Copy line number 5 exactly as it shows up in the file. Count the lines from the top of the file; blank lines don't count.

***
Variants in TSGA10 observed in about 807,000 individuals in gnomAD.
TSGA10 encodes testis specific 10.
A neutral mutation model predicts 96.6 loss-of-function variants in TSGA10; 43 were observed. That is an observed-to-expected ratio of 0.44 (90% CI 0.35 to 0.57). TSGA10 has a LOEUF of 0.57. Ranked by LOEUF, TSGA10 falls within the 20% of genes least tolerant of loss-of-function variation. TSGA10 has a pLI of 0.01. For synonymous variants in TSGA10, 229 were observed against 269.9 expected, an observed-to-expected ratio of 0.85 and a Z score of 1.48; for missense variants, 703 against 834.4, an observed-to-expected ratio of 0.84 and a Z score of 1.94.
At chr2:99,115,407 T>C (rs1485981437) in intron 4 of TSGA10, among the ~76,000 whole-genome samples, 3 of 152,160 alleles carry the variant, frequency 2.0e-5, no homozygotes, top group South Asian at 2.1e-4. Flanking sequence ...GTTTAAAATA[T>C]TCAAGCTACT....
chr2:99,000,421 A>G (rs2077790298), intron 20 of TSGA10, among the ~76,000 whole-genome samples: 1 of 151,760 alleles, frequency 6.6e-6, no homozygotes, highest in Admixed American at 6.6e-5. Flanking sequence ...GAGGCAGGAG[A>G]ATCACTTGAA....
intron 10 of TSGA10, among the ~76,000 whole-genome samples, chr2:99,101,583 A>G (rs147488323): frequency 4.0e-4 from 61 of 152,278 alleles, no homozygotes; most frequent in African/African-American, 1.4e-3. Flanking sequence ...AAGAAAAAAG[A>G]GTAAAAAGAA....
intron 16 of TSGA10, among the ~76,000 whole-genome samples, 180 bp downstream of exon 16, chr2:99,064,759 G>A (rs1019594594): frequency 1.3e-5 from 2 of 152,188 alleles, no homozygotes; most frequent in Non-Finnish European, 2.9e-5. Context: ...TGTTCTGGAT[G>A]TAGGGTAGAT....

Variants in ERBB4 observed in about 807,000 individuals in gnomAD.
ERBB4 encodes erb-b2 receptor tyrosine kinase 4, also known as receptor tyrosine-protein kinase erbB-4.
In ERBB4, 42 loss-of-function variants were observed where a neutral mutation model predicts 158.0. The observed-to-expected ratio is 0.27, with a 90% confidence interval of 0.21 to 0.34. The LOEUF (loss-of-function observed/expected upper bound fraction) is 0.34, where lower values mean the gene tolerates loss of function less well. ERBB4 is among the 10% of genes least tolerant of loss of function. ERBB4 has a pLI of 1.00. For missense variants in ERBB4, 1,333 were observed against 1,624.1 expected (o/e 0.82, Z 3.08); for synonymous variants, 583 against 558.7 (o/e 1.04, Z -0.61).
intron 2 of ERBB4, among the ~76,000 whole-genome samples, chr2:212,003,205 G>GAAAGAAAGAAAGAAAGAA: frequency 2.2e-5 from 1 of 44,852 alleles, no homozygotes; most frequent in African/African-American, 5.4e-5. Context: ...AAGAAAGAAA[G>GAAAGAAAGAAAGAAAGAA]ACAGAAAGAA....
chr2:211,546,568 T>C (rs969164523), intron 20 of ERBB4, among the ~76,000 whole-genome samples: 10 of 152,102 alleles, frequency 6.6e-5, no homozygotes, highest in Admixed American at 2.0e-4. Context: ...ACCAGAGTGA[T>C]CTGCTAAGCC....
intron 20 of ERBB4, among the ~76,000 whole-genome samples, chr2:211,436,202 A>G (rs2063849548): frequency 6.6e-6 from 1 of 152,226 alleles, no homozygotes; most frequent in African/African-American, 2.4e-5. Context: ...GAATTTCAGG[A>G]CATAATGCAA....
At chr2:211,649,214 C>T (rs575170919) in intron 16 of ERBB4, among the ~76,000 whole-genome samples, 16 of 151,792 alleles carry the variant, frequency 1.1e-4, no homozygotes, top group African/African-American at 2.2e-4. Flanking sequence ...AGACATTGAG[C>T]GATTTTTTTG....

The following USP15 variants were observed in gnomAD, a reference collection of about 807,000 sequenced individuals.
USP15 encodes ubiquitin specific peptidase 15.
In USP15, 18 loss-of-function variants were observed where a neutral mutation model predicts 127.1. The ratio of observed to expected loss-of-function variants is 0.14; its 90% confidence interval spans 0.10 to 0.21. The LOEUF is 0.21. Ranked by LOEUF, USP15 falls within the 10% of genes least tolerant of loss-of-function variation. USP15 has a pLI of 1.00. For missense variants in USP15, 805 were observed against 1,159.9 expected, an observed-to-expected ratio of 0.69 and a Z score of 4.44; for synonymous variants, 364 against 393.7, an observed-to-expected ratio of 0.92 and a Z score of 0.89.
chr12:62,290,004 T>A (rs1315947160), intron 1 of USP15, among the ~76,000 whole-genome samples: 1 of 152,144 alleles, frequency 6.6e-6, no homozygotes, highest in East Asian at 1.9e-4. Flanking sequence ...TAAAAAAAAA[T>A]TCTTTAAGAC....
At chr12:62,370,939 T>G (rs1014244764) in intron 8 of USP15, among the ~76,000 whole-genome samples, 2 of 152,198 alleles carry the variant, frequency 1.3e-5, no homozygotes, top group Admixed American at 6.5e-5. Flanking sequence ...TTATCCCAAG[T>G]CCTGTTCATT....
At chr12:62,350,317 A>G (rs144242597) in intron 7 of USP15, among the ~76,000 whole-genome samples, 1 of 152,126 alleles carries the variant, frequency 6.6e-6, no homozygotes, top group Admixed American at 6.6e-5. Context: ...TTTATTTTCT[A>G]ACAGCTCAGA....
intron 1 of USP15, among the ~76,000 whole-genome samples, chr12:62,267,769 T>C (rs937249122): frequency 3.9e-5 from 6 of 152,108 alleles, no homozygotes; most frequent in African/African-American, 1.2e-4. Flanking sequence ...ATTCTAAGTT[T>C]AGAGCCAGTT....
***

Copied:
chr2:99,000,421 A>G (rs2077790298), intron 20 of TSGA10, among the ~76,000 whole-genome samples: 1 of 151,760 alleles, frequency 6.6e-6, no homozygotes, highest in Admixed American at 6.6e-5. Flanking sequence ...GAGGCAGGAG[A>G]ATCACTTGAA....